Beetles, Bugs and Beyond

Last week drew to a close the first MSc Entomology module – The Biology and Taxonomy of Insects – and WOW, what a fortnight it was! From Dictyoptera to Hymenoptera and Hemiptera to Diptera, we covered it all*. Spending our mornings in lectures, we were introduced to the Orders learning about their morphology and behaviours as well as taxonomic importance. After learning the theory, we were soon let loose in the afternoon to don our lab-coats and get close and personal with these Orders under the microscope. (Well, that’s the only thing any of us are getting close and personal with this year!). We were encouraged to key out each Order to either Family or Species level, aided by the support of leading specialists from the Natural History Museum and the Royal Entomological Society.

Our first visit saw the incredible ‘Fly Girl’, Erica McAllister (@flygirlNHM), unsurprisingly share with us a fascinating insight into the world of flies. We learnt about their ecological diversity, life stages and the complexities surrounding Dipteran ID. Soon after she joined us in the lab for all I can surmise as ‘bristles, bristles and a few more bristles”! All joking aside, our time with Erica was both immensely informative and jam packed with energy.

Lecture and Laboratory sessions with Erica McAlister (@flygirlNHM) learning all things Diptera. Entomology student George Ryley (@GRyley99) sharing his findings with Erica (on right).

Next up, we had the pleasure of a virtual Dictyoptera Q&A session with the lovely Paul Eggleton. We were honoured to be able to talk to Paul about his research into termite ecology, as well as clarifying our understanding surrounding the taxonomy of Dictyoptera. It is safe to say that for a Monday morning, we all couldn’t have been more engaged if we tried!

In the afternoon, we were graced with the presence of the delightful Fran Sconce (@FranciscaSconce) from the Royal Entomological Society. Fran talked us through the importance of correct insect collection and preservation in aid of understanding global biodiversity. She also shared with us pinning and carding techniques as well as how to correctly label preserved specimens. For many of us, this was our first insight into the world of insect curation and shaky hands were, indeed, a common sight!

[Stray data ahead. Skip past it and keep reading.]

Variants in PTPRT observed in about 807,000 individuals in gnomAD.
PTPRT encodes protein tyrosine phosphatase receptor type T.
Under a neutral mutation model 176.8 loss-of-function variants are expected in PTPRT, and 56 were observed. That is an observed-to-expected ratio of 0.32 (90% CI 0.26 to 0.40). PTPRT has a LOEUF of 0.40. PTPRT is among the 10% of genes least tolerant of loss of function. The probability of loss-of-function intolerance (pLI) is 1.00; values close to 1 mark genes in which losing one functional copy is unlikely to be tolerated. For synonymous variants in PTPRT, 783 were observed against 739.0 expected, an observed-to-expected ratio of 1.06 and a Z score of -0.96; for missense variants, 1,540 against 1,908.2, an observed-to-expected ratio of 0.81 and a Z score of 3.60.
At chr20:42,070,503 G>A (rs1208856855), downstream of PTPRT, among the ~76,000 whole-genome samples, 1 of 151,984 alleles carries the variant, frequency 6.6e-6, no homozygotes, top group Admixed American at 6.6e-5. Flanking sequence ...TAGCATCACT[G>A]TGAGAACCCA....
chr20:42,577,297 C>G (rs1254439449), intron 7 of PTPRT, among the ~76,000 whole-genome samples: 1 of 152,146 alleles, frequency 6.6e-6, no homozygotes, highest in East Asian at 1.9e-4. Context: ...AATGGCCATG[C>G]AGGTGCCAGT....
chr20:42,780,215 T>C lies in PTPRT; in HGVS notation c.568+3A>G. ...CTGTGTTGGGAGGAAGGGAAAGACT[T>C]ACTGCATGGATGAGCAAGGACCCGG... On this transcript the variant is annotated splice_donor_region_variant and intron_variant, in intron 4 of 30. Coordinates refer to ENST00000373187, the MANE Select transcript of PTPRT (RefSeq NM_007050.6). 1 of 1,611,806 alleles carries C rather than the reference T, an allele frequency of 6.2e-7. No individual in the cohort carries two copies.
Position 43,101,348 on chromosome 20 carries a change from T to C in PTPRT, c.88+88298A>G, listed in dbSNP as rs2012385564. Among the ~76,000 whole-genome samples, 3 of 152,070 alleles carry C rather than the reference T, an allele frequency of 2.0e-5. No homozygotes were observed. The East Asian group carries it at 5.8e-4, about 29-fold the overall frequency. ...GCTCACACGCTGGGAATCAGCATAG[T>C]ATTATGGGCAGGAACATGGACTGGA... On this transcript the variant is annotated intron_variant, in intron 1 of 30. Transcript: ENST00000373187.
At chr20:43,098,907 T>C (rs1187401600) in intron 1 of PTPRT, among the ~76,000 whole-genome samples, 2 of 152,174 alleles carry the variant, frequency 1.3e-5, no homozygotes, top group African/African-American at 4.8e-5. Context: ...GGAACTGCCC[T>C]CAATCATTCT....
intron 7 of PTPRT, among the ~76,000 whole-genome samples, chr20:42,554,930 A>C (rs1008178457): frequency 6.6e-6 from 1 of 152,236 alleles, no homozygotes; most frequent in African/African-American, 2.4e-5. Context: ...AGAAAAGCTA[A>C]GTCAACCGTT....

Practicing collection techniques with Fran Sconce (@FrancescaSconce).

Hymenoptera was on Tuesday, led by the engaging Andy Polazsek. In the morning Andy was virtually ‘beamed’ to us all to share his wisdom with us live-time on the fascinating world of Hymenoptera. He broke down Hymenopteran morphology into a series of diagrams, turning us all into artists before the morning was over! In the afternoon, we were left to determine “is it an insect or a speck of dirt?” as we identified a range of specimens down to the Superfamily level. Never have I seen so much pride in a room as we successfully identified even the smallest of specimens!

Identifying a range of Hymenoptera with Andy Polazsek.

Thursday brought us a day of mystery with the enthralling Amoret Whitaker (@AmoretWhitaker). We learnt all about the applications of entomology in forensics and how important correct species identification really can be. In the labs, we were back to identifying flies but this time focussing on their larval forms. Our day with Amoret really left our skin crawling for more!

Last, but certainly not least, was Coleoptera day with the captivating Max Barclay. Having the last spot on the module Max had a lot to live up to and, my goodness, he certainly succeeded. The day was jam packed with beetle facts including their global economic importance. We learnt why beetles are so well studied, as well as the need for this study to continue! After the lectures, Max joined us for a final lab session equipping us with knowledge on how to best identify beetles. The labs were a mixture of silent with concentration and a-buzz with celebration as we managed to successfully complete our IDs.

Laboratory session looking at Diptera larvae with Amoret Whitaker (@AmoretWhitaker; on left) and Lecture covering all things Coleoptera with Max Barclay (on right).

The Biology and Taxonomy of Insects has been one monumental module and I am sure it will remain one that we Masters students (@EntoMasters) remember for years to come. We have had the honour of meeting, talking to and learning from some incredible people and I hope you have enjoyed this first insight into studying an MSc Entomology course at Harper Adams University (@HarperAdamsUni).

Keep your eyes peeled for upcoming blog posts exploring a few more topics covered in The Biology and Taxonomy of Insects!

– Aimee (@tonks_aimee)

*Well… we covered everything you can possibly cover in the space of only two weeks!

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